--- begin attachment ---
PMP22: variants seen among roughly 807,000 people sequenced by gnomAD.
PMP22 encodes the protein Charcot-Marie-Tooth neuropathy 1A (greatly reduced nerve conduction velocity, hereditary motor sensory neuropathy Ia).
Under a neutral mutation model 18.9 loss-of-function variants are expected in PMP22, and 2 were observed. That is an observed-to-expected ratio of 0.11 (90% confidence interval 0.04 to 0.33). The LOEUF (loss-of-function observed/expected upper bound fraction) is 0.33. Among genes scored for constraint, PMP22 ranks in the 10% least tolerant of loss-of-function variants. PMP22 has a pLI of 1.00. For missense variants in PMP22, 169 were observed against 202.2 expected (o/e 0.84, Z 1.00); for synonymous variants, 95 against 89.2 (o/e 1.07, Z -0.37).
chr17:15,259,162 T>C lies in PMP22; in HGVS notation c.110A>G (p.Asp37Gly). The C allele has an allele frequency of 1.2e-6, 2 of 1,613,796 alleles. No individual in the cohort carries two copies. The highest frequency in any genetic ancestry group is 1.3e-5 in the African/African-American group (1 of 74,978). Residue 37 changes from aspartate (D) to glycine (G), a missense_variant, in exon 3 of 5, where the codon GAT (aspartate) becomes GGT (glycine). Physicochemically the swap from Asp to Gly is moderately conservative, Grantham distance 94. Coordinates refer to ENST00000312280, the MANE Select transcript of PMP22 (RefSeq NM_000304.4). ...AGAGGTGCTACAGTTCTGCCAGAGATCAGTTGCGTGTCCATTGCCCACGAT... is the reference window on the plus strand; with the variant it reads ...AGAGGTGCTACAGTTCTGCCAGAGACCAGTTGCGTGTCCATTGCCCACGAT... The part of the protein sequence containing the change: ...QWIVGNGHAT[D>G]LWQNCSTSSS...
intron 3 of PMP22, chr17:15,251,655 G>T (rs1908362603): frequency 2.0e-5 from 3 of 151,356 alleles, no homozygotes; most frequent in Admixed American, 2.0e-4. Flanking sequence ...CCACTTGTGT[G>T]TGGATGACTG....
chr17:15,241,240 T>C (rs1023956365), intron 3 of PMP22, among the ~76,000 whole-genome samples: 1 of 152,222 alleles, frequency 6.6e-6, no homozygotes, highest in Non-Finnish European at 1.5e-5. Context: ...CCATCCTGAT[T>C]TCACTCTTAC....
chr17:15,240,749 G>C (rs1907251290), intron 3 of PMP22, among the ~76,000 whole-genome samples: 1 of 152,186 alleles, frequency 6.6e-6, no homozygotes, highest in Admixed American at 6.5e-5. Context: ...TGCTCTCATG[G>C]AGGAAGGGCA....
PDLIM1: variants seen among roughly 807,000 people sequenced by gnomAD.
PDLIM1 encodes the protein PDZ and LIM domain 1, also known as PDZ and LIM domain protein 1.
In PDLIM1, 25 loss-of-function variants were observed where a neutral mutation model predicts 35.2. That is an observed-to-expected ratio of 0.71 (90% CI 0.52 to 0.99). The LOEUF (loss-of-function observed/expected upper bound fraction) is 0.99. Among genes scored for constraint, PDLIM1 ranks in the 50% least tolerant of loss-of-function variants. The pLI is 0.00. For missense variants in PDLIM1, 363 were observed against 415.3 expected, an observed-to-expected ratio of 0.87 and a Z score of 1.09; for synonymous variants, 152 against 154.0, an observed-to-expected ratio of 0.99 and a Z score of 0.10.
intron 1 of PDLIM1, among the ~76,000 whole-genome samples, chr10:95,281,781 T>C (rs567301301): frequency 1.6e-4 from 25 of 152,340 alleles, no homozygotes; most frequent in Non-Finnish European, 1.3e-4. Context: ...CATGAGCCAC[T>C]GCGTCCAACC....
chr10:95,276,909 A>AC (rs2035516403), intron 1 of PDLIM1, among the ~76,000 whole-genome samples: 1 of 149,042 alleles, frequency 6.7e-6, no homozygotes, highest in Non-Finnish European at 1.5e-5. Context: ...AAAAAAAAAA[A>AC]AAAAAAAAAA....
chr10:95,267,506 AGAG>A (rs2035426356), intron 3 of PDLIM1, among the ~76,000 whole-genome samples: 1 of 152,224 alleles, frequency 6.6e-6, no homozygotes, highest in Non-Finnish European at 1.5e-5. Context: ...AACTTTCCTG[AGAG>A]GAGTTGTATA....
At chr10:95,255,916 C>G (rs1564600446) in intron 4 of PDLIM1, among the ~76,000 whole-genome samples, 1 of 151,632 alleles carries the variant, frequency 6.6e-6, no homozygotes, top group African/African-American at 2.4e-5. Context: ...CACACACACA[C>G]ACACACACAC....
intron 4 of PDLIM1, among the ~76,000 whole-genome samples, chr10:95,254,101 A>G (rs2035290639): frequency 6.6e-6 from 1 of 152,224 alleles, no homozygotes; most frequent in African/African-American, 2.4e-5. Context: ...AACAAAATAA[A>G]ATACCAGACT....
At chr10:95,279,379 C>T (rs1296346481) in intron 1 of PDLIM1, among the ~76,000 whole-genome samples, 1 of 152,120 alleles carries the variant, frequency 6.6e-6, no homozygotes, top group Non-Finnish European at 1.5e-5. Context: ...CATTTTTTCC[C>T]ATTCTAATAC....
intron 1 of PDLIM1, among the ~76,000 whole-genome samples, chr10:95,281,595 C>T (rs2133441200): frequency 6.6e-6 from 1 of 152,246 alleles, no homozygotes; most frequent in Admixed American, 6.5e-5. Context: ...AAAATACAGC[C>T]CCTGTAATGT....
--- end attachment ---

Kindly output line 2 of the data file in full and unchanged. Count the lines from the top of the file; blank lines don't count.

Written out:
PMP22 encodes the protein Charcot-Marie-Tooth neuropathy 1A (greatly reduced nerve conduction velocity, hereditary motor sensory neuropathy Ia).